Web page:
Trondheim's books are not there yet because I think he's one of the creators who are a little cautious about digital comics. My hope is that this will help convince him and other creators in France that going into digital is a good thing. It's certainly timely for us because I've been trying for years to have more and more books available in English in America and it's been very disappointing so far. It's been very limited.

SPURGEON: Why do you think that is? I know there are people all throughout the French-language industry who would love to see deeper penetration into the English-language market, and I'm even aware of a push at the ministry of culture level for BD to have the same level of penetration here as manga has. Why in general do you think we haven't seen that broader effort catch fire here?

DELCOURT: First of all, manga is very marketed. It's a whole bunch of work, with a lot of similarities, and it's propelled by movies, television series, anime, whatever. That's not the same of France. France is more of an industry, more a collection of individual stories and books than a big group. That's one big difference. The other thing is that the French-sized album in print is so different than the US-sized comics that it's difficult to penetrate. I think that comic book shops don't know what to do with them. They don't fit into their racks. They're not easy to market. Because they are series, there's a risk in taking volume number one, number two, number three. If it catches on with number four, you have to buy back issues, which may not be easy because print runs aren't great. There are cultural and technical differences that have made it difficult. Digital, of course, makes everything different.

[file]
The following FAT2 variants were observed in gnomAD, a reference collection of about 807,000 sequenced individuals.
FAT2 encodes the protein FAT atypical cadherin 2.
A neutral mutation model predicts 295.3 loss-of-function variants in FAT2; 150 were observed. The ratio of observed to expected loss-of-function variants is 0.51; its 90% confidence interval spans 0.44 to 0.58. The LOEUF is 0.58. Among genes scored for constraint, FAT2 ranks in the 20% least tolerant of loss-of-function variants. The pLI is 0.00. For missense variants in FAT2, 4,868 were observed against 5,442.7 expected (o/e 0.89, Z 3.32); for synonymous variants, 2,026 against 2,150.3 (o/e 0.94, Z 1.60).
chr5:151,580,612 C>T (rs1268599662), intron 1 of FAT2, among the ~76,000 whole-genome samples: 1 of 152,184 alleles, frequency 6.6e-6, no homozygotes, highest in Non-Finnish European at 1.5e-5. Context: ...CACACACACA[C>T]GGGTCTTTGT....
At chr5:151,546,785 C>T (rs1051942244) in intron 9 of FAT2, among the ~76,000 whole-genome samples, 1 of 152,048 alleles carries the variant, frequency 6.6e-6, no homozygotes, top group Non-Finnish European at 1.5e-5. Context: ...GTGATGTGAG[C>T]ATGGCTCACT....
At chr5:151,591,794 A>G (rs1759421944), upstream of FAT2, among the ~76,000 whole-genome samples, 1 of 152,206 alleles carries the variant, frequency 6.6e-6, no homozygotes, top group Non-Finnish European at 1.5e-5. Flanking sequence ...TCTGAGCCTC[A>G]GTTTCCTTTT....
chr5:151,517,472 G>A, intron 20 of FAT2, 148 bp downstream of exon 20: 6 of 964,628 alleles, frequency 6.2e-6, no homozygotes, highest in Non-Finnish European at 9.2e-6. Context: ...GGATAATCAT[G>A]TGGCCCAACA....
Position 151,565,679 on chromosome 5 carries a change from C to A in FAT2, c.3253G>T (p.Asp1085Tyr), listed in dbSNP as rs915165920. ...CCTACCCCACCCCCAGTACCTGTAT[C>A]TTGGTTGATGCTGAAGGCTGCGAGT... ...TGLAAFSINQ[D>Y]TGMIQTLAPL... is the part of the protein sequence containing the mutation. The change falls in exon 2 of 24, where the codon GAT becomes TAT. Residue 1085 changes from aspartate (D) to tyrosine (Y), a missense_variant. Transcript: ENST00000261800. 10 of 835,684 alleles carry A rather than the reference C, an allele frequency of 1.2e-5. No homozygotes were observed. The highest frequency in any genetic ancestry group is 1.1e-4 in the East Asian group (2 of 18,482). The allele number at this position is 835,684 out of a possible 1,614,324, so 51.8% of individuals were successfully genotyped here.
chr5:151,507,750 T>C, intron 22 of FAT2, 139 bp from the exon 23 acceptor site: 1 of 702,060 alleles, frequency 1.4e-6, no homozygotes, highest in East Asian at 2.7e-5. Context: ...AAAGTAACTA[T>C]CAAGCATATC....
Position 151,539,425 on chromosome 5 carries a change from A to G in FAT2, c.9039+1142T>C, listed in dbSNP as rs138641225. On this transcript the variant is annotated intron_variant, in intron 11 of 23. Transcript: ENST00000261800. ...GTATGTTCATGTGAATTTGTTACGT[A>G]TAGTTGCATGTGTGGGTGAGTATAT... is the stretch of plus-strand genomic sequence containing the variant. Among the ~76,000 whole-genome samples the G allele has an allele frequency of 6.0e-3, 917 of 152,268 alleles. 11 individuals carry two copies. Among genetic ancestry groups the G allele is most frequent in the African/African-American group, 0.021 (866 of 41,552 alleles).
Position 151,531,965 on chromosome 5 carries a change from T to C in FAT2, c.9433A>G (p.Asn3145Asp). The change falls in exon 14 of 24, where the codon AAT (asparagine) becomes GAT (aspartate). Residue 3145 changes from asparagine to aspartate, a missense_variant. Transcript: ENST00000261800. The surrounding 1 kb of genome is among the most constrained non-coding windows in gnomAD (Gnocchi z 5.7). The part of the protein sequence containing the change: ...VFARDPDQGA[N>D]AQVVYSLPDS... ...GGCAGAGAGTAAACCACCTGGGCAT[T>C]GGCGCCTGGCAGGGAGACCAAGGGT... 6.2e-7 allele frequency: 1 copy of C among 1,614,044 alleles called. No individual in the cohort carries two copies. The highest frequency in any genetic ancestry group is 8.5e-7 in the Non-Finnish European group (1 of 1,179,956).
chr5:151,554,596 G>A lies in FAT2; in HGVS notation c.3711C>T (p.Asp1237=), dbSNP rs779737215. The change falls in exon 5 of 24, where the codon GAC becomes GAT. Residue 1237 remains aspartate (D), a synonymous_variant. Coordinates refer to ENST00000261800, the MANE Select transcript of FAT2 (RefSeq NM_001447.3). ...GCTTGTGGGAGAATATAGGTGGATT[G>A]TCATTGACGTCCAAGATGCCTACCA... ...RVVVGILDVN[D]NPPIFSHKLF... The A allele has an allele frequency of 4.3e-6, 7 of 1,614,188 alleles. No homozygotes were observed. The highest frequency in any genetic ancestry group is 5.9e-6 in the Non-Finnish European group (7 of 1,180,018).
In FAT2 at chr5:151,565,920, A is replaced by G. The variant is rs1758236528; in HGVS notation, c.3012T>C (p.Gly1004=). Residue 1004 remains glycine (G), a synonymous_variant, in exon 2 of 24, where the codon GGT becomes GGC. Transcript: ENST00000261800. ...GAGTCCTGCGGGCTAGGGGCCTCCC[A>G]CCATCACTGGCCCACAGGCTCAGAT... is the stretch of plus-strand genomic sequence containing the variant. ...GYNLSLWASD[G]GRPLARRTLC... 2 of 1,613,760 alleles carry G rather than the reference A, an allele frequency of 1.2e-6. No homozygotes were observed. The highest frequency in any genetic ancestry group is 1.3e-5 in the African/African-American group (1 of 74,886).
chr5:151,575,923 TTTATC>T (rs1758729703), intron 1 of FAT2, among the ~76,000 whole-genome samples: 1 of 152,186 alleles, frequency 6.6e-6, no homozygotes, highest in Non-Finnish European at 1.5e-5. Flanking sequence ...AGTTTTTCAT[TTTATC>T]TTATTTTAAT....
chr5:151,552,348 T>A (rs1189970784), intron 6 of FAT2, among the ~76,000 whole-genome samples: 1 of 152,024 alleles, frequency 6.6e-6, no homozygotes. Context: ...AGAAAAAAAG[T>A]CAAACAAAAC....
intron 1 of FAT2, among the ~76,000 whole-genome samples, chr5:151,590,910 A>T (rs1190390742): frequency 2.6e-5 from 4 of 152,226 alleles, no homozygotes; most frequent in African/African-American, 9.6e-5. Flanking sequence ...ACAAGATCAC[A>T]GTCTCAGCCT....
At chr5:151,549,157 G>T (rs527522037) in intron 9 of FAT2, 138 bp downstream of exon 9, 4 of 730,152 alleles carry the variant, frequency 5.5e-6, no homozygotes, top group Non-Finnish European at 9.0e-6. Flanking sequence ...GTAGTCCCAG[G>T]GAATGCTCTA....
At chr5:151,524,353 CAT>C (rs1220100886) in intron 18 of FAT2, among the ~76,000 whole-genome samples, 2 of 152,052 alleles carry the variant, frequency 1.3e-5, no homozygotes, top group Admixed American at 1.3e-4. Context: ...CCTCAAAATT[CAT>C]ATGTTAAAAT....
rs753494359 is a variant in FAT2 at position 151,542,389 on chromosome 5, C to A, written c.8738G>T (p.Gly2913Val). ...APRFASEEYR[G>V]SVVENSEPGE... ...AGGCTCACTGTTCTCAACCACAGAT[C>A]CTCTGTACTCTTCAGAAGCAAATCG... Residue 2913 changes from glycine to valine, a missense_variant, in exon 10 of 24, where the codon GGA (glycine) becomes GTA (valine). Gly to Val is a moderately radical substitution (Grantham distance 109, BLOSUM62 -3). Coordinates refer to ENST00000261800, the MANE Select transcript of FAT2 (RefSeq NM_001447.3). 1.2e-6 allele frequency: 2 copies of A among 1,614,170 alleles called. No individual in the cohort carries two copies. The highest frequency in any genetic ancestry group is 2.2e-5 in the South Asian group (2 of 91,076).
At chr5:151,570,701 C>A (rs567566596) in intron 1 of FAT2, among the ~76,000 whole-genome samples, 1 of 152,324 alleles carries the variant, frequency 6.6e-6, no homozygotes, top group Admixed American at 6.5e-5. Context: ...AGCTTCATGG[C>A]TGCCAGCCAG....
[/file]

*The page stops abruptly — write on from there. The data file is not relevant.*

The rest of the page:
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SPURGEON: You mentioned Trondheim and other cartoonists as being reluctant to enter into digital... does that mean the cartoonists you're bringing over with the groups of 150 books, does that mean they're pro-digital cartoonists? What has been the reaction with the cartoonists that are participating?

DELCOURT: Because of the way we work with artists and also because of the laws in France, we have to ask each individual if they agree. [pause] It's a lot of work, yes. [laughter] Some are immediately enthusiastic, like Jean-Luc Sala, the writer of this Iron Squad and others. Others have been a little reluctant. Others are completely scared of digital. For us, it's great, because it's an ongoing process to talk to them. We learn from examples. Once we get going, I'm sure there will be people jealous of the first books in English.

It's my hope that more and more we'll be at ease with digital comics. Most are enthusiastic because having your books available in English is great. You reach six times, seven times as many people as in France, and you're reaching professionals in movies and in TV, individuals that may want to adapt your work.

SPURGEON: The conventional wisdom about the French-language market over the last 15 years is that the market is oversaturated on a title-to-title basis, and that as more and more books are published this has an effect on driving down the sale of individual books even as the industry overall may gain. Does this play into your desire to find another market for these books? Is this an advantage you can offer creator to creator, book to book, this ability find extra sales per project? Is that a motivation for you in seeking out this deal?

DELCOURT: It's a very good question. It may have played a role. It's true that in France sales are kind of plateauing, and the number of releases also. It's a stable situation, but as a businessman you're always looking for extra sales, extra profit. So that may have played a part. The main thing is that I've been trying to supply an international dimension to my company for years. Again, print is very difficult for that. It's too risky, too complicated. Digital may open a big door for us. I wanted to be the first to open that door.